Pentesting APIs: A Comprehensive Guide

Pentesting APIs: A Comprehensive Guide

Unraveling the Depths of API Technology, Penetration Testing, and Automation for Robust Security

Introduction :

In the ever-evolving realm of technology, Application Programming Interfaces (APIs) have emerged as the backbone of seamless data exchange between applications. This blog aims to provide a comprehensive understanding of APIs, exploring their types, specifically SOAP and REST, unraveling the differences between them, delving into the API OWASP Top 10, and outlining the process of API penetration testing using Postman. We'll also explore common vulnerabilities, and tools for automating API penetration testing, and conclude with the importance of robust API security practices.

What is API?

An Application Programming Interface (API) acts as a bridge between different software systems, allowing them to communicate and share data. APIs define the methods and data formats applications can use to request and exchange information. They play a crucial role in modern software development, enabling seamless integration and interoperability.

Types of API :

In the complex landscape of application development, REST (Representational State Transfer) and SOAP (Simple Object Access Protocol) APIs stand out as two distinct architectural styles, each with its own set of characteristics. We will go through a detailed exploration of REST and SOAP APIs, offering clear definitions, highlighting key differences, and providing examples to illustrate their usage.

1. REST API: Representational State Transfer

Imagine you are using a smart vending machine (the server) equipped with an interface (API) to interact with it. The vending machine has various slots representing different types of snacks (resources), and you use a digital screen to make selections and provide instructions.

  • GET Request (Selecting a Snack): You approach the vending machine and use the touch screen to view information about a snack (making a GET request through the API). The machine's API processes your request and displays details about the snack in a simple and standardized format.

  • POST Request (Adding a Snack): If you want to add a new snack to the machine (creating a resource), you interact with the touch screen, providing the necessary details in a form (making a POST request through the API). The machine's API processes your request and adds the new snack to its inventory.

  • PUT Request (Updating a Snack): If you decide to change the price or details of an existing snack (updating a resource), you interact with the touch screen, specifying the changes you want (making a PUT request through the API). The machine's API processes your request and adjusts the information accordingly.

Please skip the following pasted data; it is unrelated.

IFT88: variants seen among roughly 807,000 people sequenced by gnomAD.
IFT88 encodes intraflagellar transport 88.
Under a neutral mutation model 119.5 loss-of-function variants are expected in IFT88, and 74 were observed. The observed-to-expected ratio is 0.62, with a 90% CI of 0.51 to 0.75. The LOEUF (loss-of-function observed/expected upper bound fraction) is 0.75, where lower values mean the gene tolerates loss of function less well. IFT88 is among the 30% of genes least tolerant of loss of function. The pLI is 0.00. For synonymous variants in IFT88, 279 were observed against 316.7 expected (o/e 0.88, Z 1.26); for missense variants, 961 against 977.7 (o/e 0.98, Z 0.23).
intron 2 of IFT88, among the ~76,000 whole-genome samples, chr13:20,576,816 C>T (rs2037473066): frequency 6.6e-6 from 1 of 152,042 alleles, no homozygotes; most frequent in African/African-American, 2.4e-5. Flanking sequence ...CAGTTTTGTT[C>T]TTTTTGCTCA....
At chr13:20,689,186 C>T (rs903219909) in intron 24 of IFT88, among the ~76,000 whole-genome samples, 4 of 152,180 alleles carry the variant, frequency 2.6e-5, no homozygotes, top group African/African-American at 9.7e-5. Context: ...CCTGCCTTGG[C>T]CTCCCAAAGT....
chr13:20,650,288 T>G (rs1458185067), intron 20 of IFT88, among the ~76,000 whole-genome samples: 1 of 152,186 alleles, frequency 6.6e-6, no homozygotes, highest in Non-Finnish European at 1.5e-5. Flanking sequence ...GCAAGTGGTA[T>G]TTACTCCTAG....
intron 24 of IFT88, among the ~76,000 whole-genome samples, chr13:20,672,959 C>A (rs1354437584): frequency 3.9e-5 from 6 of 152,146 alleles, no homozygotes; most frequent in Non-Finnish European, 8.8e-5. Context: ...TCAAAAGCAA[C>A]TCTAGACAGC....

• DELETE Request (Removing a Snack): If you no longer want a particular snack in the machine (deleting a resource), you interact with the touch screen, selecting the corresponding option (making a DELETE request through the API). The machine's API processes your request and removes that snack from its inventory.

In this refined analogy, the smart vending machine represents the server, the digital screen and touch interface represent the API, each slot is a resource, snacks are the data, and your actions are facilitated through the API using standard HTTP methods.

Key Features of REST API :

REST, an architectural style rather than a protocol, is designed to facilitate communication between systems over the web.

  • Statelessness: Each request from a client contains all the information needed for the server to understand and fulfill the request.

  • Resource-Based: Resources (data or services) are identified by URIs (Uniform Resource Identifiers) and are manipulated using standard HTTP methods (GET, POST, PUT, DELETE).

  • Representation: Resources can be represented in multiple formats, commonly JSON or XML.

Examples of REST API :

  • GitHub API -

    GitHub provides a RESTful API that allows developers to interact with various aspects of the platform programmatically. For instance, you can use the GitHub API to retrieve information about repositories, create issues, or even give a star to a repository

  • Twitter API -

    Twitter exposes a RESTful API that enables developers to integrate Twitter functionalities into their applications. You can perform actions like tweeting, retrieving user timelines, or searching for tweets.


2. SOAP API: Simple Object Access Protocol

Imagine you are sending a letter through traditional mail (the protocol) to request information from a weather service (the server). You follow a specific format to ensure your message is understood, much like SOAP uses XML for its structured format.

  • SOAP Request (Sending a Letter) -

    You write a letter (SOAP request) to the weather service, stating that you want to know the current weather in a particular city. The letter has a predefined structure (XML format) that the weather service understands.